Fund I - What I learned
Anders Hallsby looks back on Fund I
As we close Mazarine’s Fund I it is a good time for some personal reflection regarding what I have learned over the last 4 years about venture investing in technologies that address challenges in water and wastewater. Coming from the corporate world, with many years of experience working to develop and commercialize new technologies in the water space, some of what I found was expected, but other aspects caught me by surprise.
Anders Hallsby, PhD, is a founding Partner of Mazarine
The founder is key!
The founder is core to the success of any early-stage company, but due to some of the unique challenges of investing in “water-tech”, for Mazarine the founder is absolutely critical. There must be a strong sense of urgency, a willingness to listen to advice and a sense that we are “stewards of water”, and what we do is important not only to create a successful enterprise, but because it is good for everyone.
Know thy customer!
“If you build it, he will come” …. It has surprised me how many technology companies seem to believe that just because their innovation is “better” than what is already available, customers will come knocking down the door. Selling a technology that addresses some aspect of water inefficient or risk is, in most cases, not like offering a product on Amazon combined with an online promotion. In addition, many water-tech innovations will compete with alternative ways to accomplish a roughly equivalent end result.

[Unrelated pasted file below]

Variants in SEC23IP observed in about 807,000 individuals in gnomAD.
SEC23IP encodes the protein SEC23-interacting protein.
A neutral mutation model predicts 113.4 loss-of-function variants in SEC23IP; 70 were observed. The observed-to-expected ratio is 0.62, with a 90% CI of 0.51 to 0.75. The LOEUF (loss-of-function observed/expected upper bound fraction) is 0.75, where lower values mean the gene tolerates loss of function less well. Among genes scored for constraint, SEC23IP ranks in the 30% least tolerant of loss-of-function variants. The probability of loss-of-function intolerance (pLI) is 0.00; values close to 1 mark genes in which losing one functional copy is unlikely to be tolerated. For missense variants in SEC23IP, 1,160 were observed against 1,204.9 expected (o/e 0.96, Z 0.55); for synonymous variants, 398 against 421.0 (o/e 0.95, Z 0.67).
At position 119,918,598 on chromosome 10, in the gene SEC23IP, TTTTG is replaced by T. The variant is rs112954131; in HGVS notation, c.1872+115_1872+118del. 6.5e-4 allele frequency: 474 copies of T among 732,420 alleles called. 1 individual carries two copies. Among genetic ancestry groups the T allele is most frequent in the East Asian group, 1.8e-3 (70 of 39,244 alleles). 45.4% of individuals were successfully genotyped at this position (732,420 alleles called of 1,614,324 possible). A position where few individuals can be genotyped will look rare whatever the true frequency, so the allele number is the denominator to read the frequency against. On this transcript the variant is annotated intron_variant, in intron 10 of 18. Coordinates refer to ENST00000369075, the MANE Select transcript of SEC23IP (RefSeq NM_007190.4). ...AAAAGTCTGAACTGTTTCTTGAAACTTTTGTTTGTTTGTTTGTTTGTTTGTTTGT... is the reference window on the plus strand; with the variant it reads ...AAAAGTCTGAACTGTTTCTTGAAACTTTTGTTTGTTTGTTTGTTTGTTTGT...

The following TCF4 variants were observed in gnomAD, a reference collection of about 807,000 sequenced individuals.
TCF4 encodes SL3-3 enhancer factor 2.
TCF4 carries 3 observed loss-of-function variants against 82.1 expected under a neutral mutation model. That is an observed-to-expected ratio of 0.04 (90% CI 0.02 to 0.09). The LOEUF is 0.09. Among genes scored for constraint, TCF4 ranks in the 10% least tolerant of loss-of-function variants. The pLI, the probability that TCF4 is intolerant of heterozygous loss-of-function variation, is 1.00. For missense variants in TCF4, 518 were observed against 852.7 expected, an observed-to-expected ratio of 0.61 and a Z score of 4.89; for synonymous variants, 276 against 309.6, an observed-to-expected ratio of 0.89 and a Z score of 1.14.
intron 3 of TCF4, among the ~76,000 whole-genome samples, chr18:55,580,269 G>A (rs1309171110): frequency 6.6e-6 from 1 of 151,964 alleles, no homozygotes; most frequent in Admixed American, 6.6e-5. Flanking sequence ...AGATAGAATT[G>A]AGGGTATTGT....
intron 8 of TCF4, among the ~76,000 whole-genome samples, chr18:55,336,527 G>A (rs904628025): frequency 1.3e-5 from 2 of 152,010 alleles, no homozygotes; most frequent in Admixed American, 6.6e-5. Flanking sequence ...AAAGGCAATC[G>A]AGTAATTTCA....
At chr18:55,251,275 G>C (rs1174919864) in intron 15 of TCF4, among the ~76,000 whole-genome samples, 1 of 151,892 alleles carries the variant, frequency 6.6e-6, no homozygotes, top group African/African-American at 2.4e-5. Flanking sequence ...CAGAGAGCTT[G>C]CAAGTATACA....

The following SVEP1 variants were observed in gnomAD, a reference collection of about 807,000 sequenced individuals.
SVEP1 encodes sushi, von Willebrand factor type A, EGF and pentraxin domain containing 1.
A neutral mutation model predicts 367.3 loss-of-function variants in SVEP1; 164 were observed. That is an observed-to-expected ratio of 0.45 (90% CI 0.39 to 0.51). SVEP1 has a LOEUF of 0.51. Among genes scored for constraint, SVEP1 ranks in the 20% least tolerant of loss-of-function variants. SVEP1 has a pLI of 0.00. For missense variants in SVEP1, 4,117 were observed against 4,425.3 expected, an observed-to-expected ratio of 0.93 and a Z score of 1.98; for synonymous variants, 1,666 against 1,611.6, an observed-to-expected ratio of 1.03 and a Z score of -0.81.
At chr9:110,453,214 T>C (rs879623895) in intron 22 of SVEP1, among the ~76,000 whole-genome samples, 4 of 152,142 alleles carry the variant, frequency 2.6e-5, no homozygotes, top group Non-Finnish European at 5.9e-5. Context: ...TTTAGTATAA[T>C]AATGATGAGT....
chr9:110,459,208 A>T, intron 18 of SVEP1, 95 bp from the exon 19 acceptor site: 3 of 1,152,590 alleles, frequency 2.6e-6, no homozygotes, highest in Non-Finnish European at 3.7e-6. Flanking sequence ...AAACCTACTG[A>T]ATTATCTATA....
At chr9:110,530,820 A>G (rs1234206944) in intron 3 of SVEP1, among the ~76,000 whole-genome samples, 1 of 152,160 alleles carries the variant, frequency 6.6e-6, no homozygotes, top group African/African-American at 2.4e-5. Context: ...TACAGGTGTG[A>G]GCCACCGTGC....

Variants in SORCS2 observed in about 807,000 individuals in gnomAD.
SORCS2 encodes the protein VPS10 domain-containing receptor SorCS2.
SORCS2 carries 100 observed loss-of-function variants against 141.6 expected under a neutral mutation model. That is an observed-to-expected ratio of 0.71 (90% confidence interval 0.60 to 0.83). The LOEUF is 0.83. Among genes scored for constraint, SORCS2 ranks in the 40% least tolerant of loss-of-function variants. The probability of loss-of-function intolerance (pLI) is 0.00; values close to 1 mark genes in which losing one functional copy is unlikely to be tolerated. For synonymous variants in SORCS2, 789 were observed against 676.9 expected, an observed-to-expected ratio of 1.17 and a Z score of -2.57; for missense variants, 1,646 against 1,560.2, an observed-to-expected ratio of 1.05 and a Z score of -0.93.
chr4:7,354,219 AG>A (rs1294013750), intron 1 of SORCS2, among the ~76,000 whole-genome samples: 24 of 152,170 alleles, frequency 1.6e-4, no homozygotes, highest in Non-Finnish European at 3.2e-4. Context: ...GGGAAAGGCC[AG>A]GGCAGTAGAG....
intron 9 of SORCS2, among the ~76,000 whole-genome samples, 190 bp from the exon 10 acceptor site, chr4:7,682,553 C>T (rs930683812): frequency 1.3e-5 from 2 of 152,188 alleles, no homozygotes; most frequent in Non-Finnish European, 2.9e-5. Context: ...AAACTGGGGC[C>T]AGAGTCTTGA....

It is critical to invest the time and effort to understand the target customers, the specific use cases, the tangible value the innovative solution brings and who makes the buying decision (“get a PhD in the customer”).
Working with fellow investors
Spending many years working in “water” the term “water-tech”, has a very distinct meaning to me. However, I have come to realize that water-t
ech means something different to everyone, ranging from “designer” bottled water to atmospheric water and nutrient removal from wastewater. As a result, water-tech investing is a confusing term, and, as we all know, “If you’re explaining you’re losing”.
A key driver for innovations that address water inefficiencies and risks is changing quantity and quality of water, and the associated increasing risks for individuals, as well as for the public and private sectors. Climate change is driving many of the changes in water quantity and quality, and connecting water tech to climate tech is helping to bring clarity.
It has been interesting to note how often “shiny objects” seem to entice investors who are not specialized in a particular topic area. The investment community also sometimes appears to demonstrate a lack of understanding of both the technology, adoption cycles and customer drivers, leading to investments that do not meet expectations.
The ultimate customer for many of the innovations addressing challenges in water and wastewater are either the sellers of water (ie utilities) the users of water, or the providers of offerings (equipment/consumables/services) for processing water. It is unfortunate the degree to which large users or providers neglect investing the time and resources required to encourage and support external innovation.
On the flip side, many of the small technology companies do not have the skill sets and/or experience to successfully work with and leverage the capabilities of a large, complex organizations.
More on Fund I here.